By Charles Towne

 Well, to start with, and in my own defense I must say that we were just boys, and as the old saying goes, “boys will be boys,” whatever that is meant to imply.

To the best of my memory, Alvin was there.  Alvin was the one my father called, “Dootsie Bobo,” because, as daddy claimed, “That boy doesn’t have the good sense of a hollow stump!”

Yes, Buster, Eddie, Roger, and Dootsie Bobo were there and seeing as I am telling the story I guess I was there too.

We were playing “war” in old man Heron’s woods which was sort of neat because there was the rotting carcass of a slightly dead cow that had died of some mysterious malady several weeks earlier.  

The cow, which we had convinced ourselves had been killed by a German bomb, lent just the right touch of realism to our make-believe conflict.  

We ran around, shooting at each other with our make-believe rifles and machine guns.  
The woods fairly resonated with our “rat-a-tat-tat, kapow, bang-bang and declarations of, “Gotcha!”  Which was usually answered by, “No you didn’t, you just winged me!”

Dootsie Bobo always liked getting shot because that gave him an excuse to fall down and take a nap for the rest of our current war.  

It was drawing on to dinner time so we decided to give the cow a reprieve and we wandered off to our separate homes with the understanding that we would resume our battle on the following day.

Dootsie Bobo and I lived close together so we took a shortcut through the graveyard and that is what gave me the idea.  

Memorial day was just past and a lot of the graves had fresh flowers on them so I went around gathering flowers off the grave so we could give our mamas real nice bouquets.   Personally, I thought the cute little American flags were a real nice touch.

In my own defense I have to say that I was just a little kid at the time, maybe six or seven years old, and though my mama liked flowers gathering them off the graves the way we did probably wasn’t a real good idea.

That evening mama gave me a history lesson.  She told me about the horrors of the first world war, what she called ”The great war.”  And then she recited the poem, Flanders field, by John McRae which is as follows:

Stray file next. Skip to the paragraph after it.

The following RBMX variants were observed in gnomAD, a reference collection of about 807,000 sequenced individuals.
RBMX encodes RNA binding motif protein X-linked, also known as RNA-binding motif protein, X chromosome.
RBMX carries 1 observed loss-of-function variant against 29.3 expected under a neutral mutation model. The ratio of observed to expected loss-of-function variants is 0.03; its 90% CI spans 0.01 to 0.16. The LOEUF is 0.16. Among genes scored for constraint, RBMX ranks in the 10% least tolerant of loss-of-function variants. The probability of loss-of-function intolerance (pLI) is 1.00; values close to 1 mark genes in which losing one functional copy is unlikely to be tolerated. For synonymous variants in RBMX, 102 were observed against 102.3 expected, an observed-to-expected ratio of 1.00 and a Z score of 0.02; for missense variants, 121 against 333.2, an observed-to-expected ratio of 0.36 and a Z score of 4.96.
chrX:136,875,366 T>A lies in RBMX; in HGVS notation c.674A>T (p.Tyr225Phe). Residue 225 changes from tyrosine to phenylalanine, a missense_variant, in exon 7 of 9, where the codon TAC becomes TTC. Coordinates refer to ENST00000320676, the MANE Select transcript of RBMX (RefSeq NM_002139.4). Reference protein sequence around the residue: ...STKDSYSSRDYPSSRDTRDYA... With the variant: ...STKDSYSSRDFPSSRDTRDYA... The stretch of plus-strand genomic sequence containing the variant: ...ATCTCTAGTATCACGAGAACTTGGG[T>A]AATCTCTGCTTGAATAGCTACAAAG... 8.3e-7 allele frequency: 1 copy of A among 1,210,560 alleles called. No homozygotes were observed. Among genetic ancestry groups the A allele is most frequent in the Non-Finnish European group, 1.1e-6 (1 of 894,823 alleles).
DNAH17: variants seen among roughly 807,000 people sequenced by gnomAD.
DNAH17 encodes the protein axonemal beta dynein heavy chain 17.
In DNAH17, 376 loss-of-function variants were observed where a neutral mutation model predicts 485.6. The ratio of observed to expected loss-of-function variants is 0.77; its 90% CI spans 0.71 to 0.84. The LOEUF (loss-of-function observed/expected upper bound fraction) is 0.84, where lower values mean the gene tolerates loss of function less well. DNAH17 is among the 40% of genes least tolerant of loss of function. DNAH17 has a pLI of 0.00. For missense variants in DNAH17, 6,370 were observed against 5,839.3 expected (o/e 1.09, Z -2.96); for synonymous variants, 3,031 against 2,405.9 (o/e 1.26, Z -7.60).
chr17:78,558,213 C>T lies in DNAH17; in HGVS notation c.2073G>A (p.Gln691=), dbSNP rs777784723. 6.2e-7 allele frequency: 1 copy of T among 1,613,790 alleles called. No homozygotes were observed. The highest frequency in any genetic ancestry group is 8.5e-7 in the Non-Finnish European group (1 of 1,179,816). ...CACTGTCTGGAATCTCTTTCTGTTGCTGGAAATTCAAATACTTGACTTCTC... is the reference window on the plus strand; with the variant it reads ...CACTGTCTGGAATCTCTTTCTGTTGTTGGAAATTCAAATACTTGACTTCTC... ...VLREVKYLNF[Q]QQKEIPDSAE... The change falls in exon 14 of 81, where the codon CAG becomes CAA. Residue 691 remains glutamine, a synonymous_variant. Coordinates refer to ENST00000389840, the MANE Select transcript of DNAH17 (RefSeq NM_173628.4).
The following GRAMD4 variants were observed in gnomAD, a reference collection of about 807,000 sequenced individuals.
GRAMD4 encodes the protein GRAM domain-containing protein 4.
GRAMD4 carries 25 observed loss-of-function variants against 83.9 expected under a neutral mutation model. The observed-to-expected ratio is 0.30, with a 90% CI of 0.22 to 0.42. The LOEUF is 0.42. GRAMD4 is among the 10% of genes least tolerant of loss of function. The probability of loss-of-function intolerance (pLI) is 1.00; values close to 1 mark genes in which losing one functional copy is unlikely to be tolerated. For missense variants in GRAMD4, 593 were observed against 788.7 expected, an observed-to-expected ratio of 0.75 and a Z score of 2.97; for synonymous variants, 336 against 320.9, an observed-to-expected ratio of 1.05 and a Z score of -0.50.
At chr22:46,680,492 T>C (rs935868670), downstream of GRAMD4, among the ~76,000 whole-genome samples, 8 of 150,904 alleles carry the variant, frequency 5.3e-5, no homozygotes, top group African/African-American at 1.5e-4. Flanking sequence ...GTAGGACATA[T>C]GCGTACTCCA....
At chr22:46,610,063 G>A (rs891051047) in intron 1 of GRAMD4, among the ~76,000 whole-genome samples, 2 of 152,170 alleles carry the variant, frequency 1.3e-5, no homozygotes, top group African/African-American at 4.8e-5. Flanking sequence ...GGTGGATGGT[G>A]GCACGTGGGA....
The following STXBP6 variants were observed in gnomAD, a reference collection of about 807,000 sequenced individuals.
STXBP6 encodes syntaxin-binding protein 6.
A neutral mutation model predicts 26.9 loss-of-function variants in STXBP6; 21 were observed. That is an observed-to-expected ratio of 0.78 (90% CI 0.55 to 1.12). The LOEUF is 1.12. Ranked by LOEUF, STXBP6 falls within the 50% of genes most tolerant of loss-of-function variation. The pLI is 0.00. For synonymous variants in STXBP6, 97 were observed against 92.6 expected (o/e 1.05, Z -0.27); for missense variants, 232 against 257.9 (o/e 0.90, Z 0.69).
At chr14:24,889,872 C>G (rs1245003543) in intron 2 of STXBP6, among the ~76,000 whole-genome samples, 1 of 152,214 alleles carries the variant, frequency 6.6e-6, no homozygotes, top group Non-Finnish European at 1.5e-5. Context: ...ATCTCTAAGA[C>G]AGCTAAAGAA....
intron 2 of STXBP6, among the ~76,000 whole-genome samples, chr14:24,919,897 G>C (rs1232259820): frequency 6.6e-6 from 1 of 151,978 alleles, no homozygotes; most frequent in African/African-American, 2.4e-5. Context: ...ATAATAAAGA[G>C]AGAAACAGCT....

In Flanders fields, the poppies blow
between the crosses, row on row,
that mark our place, and in the sky
The larks, still bravely singing, fly
Scarce heard amid the guns below.

We are the dead.  Short days ago
we lived, felt dawn, saw sunset glow,
Loved and were loved, and now we lie
in Flanders fields.

Take up our quarrel with the foe:
To you from failing hands we throw
The torch; be yours to hold it high.
If ye break faith with us who die
we shall not sleep, though poppies grow
in Flanders Fields.

That evening mama and I took those flowers out into our back yard and with some small ceremony we dug a little hole and buried them under the old walnut tree.

I must admit, because of that long ago episode Memorial Day with its poppies has always been sort of special to me.

Charles Towne is first and foremost a Christian. An octogenarian, author, journalist, wildlife photographer, naturalist, caregiver, and survivor, his life has been and continues to be, a never-ending adventure filled with possibilities never imagined. He has adopted the philosophy that to Live fully, laugh uproariously, love passionately, and learn like there is no tomorrow, is a formula for a long and joy-filled life.


  1. Happy Memorial Day….Mama was a smart lady. She instilled some amazing values and long-held traditions in you! Love Flander’s Field…going to share just to keep everyone else grounded to what this weekend symbolizes. Thanks again for your wisdom and insight my dear friend!

  2. Dear NH, yes, she was a savvy lady, and fun to be around. I never heard her victimize others. She had a ready smile for everyone and a quick sense of humor in almost all situations. I miss her and look forward to that great day when we will be reunited in God’s kingdom. Bless you dear friend, Chaz

  3. Memorial Day is the day that is set aside to remember with gratitude and pride all of those who served and died for our country and our freedom. May your day be filled with memories and peace. God Bless America.

  4. Great one Charlie, I loved reading “Flanders Fields” again. I know we both thank members of our armed services for their service to our country when we meet them on the street all year long. Thanks you for the lovely memorial day article.